As the apes raise their rifles to beat Breck to death, Caesar's love interest Lisa (Natalie Trundy) voices her objection, "NO!" She is the first ape to speak other than Caesar. Caesar reconsiders and orders the apes to lower their weapons, saying:
But now... now we will put away our hatred. Now we will put down our weapons. We have passed through the night of the fires, and those who were our masters are now our servants. And we, who are not human, can afford to be humane. Destiny is the will of God, and if it is Man's destiny to be dominated, it is God's will that he be dominated with compassion, and understanding. So, cast out your vengeance. Tonight, we have seen the birth of the Planet of the Apes!
J. Lee Thompson, who had maintained an interest in the franchise ever since producer Arthur P. Jacobs invited him for the original Planet of the Apes, was hired to direct Conquest of the Planet of the Apes. Thompson had worked with Jacobs on two earlier films, What a Way to Go! and The Chairman, as well as during the initial stages of Planet, but scheduling conflicts had made him unavailable during its long development process.
Thompson staged every scene with attention to detail, such as highlighting the conflicts with color: the humans wear black and other muted colors, while the apes' suits are colorful. Don Murray suggested to Thompson his wardrobe with a black turtleneck sweater, and rehearsed his scenes after translating his dialogue into German "to get this kind of severe feeling of the Nazis". Screenwriter Paul Dehn wrote the film incorporating references to the racial conflicts in North America during the early 1970s, and Thompson further highlighted by shooting some scenes in a manner similar to a news broadcast. The primary location was Century City, Los Angeles, that had previously been part of the 20th Century Fox backlot and translated well the bleak future with monochromatic buildings in a sterile ultramodern style. Also used as a shooting location was the University of California, Irvine, in Orange County. In addition, TV producer Irwin Allen contributed props and clothes to the film: he let the makers of 'Conquest' borrow his Seaview jumpsuits from Voyage to the Bottom of the Sea, brown clothes and computers and cabinets for Ape Management that were used first on The Time Tunnel and other sets and props from other Allen productions.
Of the five original films, Conquest is the only entry filmed in Todd-AO 35 using Arriflex ARRI 35IIC cameras with lenses provided by the Carl Zeiss Group; the other Apes pictures were filmed in Panavision.
The original cut of Conquest ended with the brutal killing of Governor Breck, with an implicit message that this circle of hatred would never end. After a preview screening in Phoenix on June 1, 1972, the impact of the graphic content caused the producers to rework the film, even though they did not have the budget to do so. Roddy McDowall recorded a complement to Caesar's final speech, which was portrayed through editing tricks - Caesar being mostly shown through close-ups of his eyes, the gorillas hitting Breck with his rifles played backwards to imply they were giving up - and assured a lower rating. The film's Blu-ray version adds an unrated version, restoring the original ending and many other graphic scenes.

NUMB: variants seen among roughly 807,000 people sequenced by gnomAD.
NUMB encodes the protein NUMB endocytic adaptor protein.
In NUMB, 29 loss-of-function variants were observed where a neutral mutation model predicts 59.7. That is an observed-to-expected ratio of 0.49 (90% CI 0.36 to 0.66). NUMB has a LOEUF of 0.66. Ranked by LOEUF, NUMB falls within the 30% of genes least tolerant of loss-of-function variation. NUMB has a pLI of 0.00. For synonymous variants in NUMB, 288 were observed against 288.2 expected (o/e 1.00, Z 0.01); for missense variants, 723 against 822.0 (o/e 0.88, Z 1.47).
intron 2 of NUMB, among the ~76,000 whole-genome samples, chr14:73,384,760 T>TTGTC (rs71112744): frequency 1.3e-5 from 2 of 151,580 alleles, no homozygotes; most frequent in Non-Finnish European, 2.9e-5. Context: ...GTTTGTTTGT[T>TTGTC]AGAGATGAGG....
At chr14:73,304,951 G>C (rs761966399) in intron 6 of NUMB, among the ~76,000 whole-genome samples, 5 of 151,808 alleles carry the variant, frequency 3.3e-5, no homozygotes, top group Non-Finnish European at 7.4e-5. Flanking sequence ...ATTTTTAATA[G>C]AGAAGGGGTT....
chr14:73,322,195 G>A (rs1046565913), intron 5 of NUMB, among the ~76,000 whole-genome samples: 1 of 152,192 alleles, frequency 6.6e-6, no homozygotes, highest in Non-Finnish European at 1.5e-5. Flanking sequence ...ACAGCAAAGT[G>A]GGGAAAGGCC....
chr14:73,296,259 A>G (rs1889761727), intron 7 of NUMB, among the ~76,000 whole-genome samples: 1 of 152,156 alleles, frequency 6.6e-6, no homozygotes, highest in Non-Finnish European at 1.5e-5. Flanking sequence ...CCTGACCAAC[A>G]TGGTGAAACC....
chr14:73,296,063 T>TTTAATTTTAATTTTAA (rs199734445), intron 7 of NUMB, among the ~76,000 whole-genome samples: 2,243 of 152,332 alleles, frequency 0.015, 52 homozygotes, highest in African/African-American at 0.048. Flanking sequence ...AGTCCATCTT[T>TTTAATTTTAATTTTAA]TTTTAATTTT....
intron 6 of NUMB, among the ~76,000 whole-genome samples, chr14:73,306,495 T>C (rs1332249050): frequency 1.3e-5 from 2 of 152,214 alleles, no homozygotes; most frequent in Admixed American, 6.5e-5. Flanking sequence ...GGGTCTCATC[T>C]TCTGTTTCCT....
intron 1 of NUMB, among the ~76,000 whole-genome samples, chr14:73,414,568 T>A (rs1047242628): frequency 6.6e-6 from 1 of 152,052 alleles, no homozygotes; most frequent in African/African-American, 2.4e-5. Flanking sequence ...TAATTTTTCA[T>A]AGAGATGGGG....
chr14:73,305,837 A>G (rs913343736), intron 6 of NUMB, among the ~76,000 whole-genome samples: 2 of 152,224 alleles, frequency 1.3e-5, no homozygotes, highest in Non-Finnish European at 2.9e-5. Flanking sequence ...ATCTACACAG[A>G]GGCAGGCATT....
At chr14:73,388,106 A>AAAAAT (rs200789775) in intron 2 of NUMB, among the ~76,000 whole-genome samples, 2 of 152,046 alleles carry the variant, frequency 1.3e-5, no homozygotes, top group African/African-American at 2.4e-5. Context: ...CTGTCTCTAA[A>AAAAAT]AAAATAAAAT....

Conquest is the only Apes film without a pre-title sequence. The film's script and novelization describes a nighttime pre-title scene where police on night patrol shoot an escaping ape and discover that his body is covered with welts and bruises as evidence of severe abuse (in a later scene Governor Breck refers to the "ape that physically assaulted his master," thereby prompting MacDonald to report that the escape must have been the result of severe mistreatment). The scene appears in the first chapter of John Jakes' novelization of the movie, and in the Marvel Comics adaption of the film in the early 1970s, both of which were probably based directly on the screenplay and not on the final edit of the actual film. An article in the Summer 1972 issue of Cinefantastique (volume 2, issue 2) by Dale Winogura shows and describes the scene being shot, but it is unknown why it was cut. The Blu-ray extended cut does not contain the pre-credit opening.
Screenplay writer Paul Dehn, who wrote and co-wrote the sequels, said in interviews with Cinefantastique (quoted in The Planet of the Apes Chronicles, by Paul Woods) that the story he was writing had a circular timeline:
The whole thing has become a very logical development in the form of a circle. I have a complete chronology of the time circle mapped out, and when I start a new script, I check every supposition I make against the chart to see if it is correct to use it...While I was out there [in California], Arthur Jacobs said he thought this would be the last so I fitted it together so that it fitted in with the beginning of Apes One, so that the wheel had come full circle and one could stop there quite happily, I think?-- January 1972
The film received mixed to positive reviews from critics at the time of its release. It currently holds a 44% 'rotten' rating on Rotten Tomatoes, from 18 reviews, all published from 2000 to 2008.
The film earned $4.5 million in theatrical rentals at the North American box office.